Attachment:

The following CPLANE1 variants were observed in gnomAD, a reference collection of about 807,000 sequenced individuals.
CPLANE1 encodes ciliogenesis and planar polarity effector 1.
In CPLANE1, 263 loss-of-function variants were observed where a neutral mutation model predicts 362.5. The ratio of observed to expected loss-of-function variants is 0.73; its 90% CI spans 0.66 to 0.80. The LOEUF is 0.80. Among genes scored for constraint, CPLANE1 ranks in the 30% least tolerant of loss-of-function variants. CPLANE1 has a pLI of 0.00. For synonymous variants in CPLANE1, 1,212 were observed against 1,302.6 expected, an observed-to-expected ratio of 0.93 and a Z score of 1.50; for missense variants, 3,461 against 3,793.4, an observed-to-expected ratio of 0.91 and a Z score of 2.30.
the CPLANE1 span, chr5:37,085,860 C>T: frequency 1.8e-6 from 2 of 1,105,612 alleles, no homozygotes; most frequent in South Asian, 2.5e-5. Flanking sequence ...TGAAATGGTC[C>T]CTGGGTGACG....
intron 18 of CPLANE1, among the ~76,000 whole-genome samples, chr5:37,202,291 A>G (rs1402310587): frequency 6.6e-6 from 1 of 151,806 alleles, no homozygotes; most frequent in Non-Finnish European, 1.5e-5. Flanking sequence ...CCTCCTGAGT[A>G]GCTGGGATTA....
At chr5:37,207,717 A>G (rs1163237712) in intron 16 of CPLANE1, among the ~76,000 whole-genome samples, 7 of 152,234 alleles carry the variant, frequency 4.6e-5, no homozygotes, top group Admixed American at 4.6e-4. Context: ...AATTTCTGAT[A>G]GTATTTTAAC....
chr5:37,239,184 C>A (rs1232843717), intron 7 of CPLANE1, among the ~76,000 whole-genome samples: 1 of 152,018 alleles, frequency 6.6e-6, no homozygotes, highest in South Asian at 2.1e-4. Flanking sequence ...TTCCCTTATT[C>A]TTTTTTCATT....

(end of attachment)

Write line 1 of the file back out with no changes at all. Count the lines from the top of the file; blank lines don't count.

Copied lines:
The following CPLANE1 variants were observed in gnomAD, a reference collection of about 807,000 sequenced individuals.